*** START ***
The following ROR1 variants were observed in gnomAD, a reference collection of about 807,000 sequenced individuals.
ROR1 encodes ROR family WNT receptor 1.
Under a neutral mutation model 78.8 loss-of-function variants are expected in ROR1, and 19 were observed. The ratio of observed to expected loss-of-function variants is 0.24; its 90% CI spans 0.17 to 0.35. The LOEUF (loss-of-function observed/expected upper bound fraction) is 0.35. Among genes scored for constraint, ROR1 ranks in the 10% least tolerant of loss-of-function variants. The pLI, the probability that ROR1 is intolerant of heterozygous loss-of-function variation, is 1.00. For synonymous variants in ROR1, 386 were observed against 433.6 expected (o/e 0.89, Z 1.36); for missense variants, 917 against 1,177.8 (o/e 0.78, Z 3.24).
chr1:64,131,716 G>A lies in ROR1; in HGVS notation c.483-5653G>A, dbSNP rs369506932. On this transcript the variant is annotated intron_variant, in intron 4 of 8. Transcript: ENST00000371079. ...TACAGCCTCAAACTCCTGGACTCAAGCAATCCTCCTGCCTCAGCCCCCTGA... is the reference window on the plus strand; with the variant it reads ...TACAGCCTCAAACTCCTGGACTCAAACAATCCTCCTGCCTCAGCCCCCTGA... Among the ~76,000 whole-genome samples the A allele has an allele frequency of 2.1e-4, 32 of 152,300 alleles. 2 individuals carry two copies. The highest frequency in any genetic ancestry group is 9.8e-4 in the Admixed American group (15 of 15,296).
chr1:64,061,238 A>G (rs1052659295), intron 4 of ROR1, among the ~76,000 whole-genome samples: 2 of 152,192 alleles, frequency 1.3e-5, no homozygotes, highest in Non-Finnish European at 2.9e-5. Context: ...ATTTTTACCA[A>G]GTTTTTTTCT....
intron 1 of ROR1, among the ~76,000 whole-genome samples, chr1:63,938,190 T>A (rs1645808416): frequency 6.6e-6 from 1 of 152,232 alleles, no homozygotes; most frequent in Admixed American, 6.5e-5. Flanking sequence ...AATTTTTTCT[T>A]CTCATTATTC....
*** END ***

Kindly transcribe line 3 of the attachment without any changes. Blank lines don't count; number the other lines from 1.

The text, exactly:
Under a neutral mutation model 78.8 loss-of-function variants are expected in ROR1, and 19 were observed. The ratio of observed to expected loss-of-function variants is 0.24; its 90% CI spans 0.17 to 0.35. The LOEUF (loss-of-function observed/expected upper bound fraction) is 0.35. Among genes scored for constraint, ROR1 ranks in the 10% least tolerant of loss-of-function variants. The pLI, the probability that ROR1 is intolerant of heterozygous loss-of-function variation, is 1.00. For synonymous variants in ROR1, 386 were observed against 433.6 expected (o/e 0.89, Z 1.36); for missense variants, 917 against 1,177.8 (o/e 0.78, Z 3.24).